Respect for the Aged Day in Japan in 2022

Respect for the Aged Day in Japan in 2022

  How long until Respect for the Aged Day?
Respect for the Aged Day
  Dates of Respect for the Aged Day in Japan
2023 Japan Mon, Sep 18 National Holiday
2022 Japan Mon, Sep 19 National Holiday
2021 Japan Mon, Sep 20 National Holiday
2020 Japan Mon, Sep 21 National Holiday
2019 Japan Mon, Sep 16 National Holiday
  Summary

Respect of the Aged Day was established as a national holiday in 1966 to express respect for the elders in the community

When is Respect of the Aged Day?

This national holiday is celebrated on the Third Monday in September.

The holiday, also known as Seniors' Day, Respect of the Aged Day, or Keiro no Hi, began life as a local festival in 1947 when the mayor of Nomadani-mura (now Taka-cho) in the Hyōgo Prefecture wanted to host an event during which people could look to their elders for guidance and wisdom.

The idea soon caught on in other communities across Japan and Respect for the Aged Day was declared as a national holiday in 1966. The day is intended to express respect for the elders in the community, and to recognise and thank them for their contributions to society and last but not least, celebrate their long lives.

Until 2003, the holiday was observed on September 15th. Since 2004, Respect for the Aged Day has instead been observed on the third Monday of September.

Traditions of Respect of the Aged Day

To honour their elders, many communities throw parties and offer special gifts to bring even more longevity to their lives.

Did you know?

Japanese citizens who become 100 years old in the 12 months prior to the day, receive a silver sake dish on Respect the Aged Day. Since 2016, the dishes have been silver-plated rather than pure silver as the increasing number of centenarians made the silver dish too expensive a gift for the government to give to such a high number of people each year.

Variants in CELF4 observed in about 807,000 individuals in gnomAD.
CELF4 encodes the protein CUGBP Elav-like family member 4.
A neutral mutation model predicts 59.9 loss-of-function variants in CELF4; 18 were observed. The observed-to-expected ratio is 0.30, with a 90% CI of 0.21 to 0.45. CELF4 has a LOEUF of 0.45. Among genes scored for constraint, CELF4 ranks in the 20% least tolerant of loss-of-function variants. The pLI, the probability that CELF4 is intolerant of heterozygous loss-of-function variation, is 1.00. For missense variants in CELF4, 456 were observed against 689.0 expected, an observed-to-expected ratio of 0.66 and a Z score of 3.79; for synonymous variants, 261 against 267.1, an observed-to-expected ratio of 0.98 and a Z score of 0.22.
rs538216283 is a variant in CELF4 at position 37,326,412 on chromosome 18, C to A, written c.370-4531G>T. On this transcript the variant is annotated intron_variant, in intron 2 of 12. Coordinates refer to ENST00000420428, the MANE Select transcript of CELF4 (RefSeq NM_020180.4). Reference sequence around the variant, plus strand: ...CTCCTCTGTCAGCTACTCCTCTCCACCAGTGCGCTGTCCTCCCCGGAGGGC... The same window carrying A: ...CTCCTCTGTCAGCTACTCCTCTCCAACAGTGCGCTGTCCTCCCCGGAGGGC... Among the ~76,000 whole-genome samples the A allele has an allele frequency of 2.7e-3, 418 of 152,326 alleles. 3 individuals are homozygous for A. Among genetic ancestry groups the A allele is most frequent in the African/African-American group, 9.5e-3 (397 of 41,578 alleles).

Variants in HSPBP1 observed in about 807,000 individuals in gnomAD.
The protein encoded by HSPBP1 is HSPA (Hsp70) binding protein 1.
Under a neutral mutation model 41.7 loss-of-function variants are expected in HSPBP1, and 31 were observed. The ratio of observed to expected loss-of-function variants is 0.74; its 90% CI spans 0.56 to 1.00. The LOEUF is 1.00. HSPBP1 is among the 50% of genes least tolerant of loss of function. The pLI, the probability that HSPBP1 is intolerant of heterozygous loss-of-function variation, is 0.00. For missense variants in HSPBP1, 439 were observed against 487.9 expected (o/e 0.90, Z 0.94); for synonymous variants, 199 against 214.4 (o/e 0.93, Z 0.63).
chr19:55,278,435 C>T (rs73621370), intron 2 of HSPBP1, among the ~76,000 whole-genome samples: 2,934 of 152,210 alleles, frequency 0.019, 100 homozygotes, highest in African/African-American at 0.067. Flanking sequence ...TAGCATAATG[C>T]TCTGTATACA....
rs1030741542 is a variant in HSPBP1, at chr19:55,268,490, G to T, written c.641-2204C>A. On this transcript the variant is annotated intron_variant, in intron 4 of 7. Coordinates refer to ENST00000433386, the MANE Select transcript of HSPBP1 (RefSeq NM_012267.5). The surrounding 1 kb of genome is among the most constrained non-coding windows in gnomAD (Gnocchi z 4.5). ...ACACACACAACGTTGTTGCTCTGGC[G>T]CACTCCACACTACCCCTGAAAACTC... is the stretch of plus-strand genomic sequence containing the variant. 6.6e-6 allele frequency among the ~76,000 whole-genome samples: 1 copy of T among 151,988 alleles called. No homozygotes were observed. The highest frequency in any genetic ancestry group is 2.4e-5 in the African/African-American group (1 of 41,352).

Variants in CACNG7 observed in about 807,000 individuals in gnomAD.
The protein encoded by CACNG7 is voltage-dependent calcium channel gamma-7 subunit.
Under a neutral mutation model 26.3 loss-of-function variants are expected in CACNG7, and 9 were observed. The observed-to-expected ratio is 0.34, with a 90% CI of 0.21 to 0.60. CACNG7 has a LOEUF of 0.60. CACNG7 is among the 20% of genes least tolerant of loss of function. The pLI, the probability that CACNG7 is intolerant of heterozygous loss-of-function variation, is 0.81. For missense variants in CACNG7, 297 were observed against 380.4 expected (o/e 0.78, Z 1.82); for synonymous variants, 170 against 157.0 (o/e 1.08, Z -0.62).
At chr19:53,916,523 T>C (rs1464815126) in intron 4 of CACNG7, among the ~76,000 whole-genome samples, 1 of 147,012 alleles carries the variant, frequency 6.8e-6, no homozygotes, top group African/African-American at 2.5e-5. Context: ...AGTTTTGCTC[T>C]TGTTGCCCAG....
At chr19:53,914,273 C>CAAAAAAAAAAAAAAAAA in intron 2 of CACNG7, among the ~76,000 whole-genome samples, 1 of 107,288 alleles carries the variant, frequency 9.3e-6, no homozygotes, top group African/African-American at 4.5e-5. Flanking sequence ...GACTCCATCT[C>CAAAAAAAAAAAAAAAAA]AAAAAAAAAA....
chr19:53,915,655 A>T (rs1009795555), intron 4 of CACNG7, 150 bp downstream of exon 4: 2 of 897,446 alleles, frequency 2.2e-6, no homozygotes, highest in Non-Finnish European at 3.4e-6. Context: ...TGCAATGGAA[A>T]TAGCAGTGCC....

The share of Japan's elderly population has remained on the rise since 1950 and is expected to surge to as high as 35.3% in 2040. The ageing of the population in Japan is a major issue as it creates concerns over how the country will fund health care and social security payments in the future with a contracting workforce

Japanese media often take the opportunity to feature the older generations, reporting on the population and highlighting the oldest people in the country.

The estimated number of people aged 65 or older in Japan stood at a record high of 36.4 million as of Wednesday, an increase of 220,000 from a year before.

The share of those aged adults in the nation’s total population rose to a record 29.1%, the highest among 201 countries and regions across the world.

Older men totaled 15.83 million, or 26% of the total male population. There were 20.57 million older women, or 32% of the female population.

Internal Affairs Ministry, September 19th 2021

The holiday traces its origins back to 1947, when Nomatanimura (now Yachiyocho), Hyōgo Prefecture proclaimed September 15th as 'Old Folks' Day'.

Its popularity started to spread nationwide until in 1966 it reached its present name and status.

Why do the Japanese have such longevity

The secret to longevity in Japan is likely the healthy Japanese diet, which is low in foods containing heart-damaging trans fats and sodium and high in fresh vegetables and fatty fish such as salmon, fresh tuna, mackerel, sardines, and herring that are a great source of heart-healthy omega-3 fatty acids.

In addition, Japanese people have the lowest obesity rate in the developed world — 3%–versus 11% for the French and 32% for Americans, according to the International Obesity Task Force. This is not a genetic trait, say dietary experts, because when Japanese people adopt a Western-style diet heavy in red meat, fast foods, and fried foods, they put on weight quickly.

Still, studies show that the average Japanese adult eats about 25% fewer calories per day than the average American, which could partly explain their lengthy lifespan.

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